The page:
The benefits of antidepressant drugs could be almost entirely due to the psychological boost derived from taking a pill rather than their effects on brain chemistry, say two researchers in the US.
Irving Kirsch of the University of Connecticut and Guy Sapirstein of Westwood Lodge Hospital, Needham, analysed 19 studies on selected antidepressants and sedatives-including tricyclics and the newer Prozac-type drugs-involving 2318 patients. In each study, the patients had been given either an active drug or a chemically inactive placebo, and their psychological conditions had been evaluated at the beginning and end.
Pharmaceuticals companies claim that antidepressants are 40 percent more effective than placebos. But Kirsch and Sapirstein found that the drugs were only 25 percent more effective. In addition, they suggest that even that 25 percent could be due to an additional placebo effect derived from the side effects caused by the antidepressants, which alerted patients to the fact that they were receiving an active drug rather than a placebo. They say that the studies could have wrongly ascribed this additional effect to a chemical change induced by the drugs.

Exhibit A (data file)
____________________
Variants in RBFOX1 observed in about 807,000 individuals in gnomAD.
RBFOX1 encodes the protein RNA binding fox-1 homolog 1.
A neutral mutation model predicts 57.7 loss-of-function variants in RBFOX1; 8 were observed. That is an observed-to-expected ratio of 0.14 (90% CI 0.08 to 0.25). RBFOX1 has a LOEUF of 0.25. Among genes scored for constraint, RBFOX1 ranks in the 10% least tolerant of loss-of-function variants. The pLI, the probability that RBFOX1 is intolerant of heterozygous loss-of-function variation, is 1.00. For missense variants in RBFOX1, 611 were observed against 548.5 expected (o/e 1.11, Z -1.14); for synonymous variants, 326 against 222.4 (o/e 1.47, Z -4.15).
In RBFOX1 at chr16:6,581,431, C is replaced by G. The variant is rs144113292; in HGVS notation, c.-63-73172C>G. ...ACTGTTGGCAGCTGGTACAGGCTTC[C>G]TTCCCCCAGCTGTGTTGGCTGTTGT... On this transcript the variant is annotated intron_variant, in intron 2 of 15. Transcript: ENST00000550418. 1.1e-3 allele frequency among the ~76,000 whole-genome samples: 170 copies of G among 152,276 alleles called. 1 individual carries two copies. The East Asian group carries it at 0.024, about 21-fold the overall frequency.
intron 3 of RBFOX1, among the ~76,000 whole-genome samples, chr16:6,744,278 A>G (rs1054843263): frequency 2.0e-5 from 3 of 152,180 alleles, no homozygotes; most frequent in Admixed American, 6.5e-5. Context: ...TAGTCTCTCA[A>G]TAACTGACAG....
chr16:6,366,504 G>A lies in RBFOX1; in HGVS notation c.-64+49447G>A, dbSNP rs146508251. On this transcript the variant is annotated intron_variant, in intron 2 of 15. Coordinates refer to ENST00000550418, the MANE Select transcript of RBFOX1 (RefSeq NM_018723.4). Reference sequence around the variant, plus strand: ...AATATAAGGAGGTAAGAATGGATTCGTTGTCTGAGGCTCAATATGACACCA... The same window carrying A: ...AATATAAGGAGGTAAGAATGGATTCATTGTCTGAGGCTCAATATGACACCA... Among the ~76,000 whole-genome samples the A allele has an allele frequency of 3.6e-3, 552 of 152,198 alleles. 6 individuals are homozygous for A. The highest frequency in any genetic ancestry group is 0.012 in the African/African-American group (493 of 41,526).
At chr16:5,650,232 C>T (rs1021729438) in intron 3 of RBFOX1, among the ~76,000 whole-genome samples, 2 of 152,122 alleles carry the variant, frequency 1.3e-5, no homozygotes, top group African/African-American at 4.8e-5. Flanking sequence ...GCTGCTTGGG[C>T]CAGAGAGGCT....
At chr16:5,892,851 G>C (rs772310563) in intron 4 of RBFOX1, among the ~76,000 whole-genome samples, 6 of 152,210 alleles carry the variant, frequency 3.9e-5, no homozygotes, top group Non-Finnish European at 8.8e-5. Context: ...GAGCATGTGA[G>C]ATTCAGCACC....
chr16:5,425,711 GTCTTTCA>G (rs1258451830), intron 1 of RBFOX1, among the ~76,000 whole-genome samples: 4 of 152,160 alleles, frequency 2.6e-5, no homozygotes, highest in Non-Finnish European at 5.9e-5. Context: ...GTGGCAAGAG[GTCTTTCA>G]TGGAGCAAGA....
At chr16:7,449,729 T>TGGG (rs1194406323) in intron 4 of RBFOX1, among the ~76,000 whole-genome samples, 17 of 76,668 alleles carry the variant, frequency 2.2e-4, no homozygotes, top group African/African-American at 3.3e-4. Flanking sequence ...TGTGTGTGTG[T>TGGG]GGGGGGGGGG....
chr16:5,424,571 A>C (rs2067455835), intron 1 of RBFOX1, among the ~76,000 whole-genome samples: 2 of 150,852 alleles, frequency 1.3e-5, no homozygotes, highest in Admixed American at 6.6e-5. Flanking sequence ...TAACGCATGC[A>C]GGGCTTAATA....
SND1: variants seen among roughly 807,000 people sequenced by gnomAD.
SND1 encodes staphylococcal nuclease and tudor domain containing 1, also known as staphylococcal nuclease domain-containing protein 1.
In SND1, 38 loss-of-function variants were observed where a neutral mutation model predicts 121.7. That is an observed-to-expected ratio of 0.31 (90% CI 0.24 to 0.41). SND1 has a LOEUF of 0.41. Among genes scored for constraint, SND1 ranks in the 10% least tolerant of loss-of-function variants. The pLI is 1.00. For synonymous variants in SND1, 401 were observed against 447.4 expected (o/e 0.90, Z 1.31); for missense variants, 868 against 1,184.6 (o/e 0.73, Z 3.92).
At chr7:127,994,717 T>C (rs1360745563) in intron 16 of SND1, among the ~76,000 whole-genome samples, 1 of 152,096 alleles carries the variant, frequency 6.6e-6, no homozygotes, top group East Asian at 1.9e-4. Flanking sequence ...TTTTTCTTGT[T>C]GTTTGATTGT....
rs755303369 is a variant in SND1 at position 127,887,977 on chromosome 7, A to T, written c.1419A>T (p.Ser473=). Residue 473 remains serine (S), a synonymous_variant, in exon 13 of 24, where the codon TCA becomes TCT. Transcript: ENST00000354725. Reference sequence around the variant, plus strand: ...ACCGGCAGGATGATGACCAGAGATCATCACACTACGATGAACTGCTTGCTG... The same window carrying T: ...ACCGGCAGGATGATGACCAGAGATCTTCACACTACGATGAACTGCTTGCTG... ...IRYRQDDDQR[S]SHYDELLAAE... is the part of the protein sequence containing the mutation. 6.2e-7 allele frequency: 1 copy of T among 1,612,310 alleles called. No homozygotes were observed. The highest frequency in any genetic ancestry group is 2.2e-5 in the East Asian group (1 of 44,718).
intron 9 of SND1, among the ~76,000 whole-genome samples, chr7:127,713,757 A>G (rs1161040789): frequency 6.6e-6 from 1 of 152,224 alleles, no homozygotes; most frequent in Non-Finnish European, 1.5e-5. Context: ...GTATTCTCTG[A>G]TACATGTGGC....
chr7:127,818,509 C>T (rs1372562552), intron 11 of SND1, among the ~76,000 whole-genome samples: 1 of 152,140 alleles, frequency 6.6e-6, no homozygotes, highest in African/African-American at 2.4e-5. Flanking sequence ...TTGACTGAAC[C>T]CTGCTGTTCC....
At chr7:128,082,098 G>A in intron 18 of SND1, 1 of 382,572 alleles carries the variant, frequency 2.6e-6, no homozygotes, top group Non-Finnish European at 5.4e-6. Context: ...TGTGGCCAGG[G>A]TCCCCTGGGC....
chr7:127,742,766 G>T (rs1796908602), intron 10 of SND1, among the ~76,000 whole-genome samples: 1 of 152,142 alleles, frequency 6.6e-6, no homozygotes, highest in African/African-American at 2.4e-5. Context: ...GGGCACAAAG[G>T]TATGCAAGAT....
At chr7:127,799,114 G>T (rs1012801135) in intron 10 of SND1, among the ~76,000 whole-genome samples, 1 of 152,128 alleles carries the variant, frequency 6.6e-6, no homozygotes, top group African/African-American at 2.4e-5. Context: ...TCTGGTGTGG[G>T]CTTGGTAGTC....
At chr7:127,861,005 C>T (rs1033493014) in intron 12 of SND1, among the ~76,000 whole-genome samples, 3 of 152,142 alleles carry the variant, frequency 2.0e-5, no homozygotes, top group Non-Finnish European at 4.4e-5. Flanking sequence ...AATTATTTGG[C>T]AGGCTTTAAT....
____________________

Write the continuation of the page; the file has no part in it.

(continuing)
Their analysis also suggests that antidepressants offer no advantage over drugs such as anxiolytics and tranquillisers, which adds fuel to the suspicion that the newer antidepressants are not as specific in their actions as their manufacturers claim.
Simon Wessely, professor of psychiatry at King's College London, agrees. "There's tremendous uncertainty about how they work," he says. "The public thinks the doctors know, but they don't. Any decent psychopharmacologist will tell you this."
Wessely says Kirsch and Sapirstein are right to point out that side
effects can alert a patient in a trial to the fact they are getting an active
drug rather than a placebo. "If patients know they're getting treatment, their
expectation will be raised and with it their
Contact: Celia Thomas
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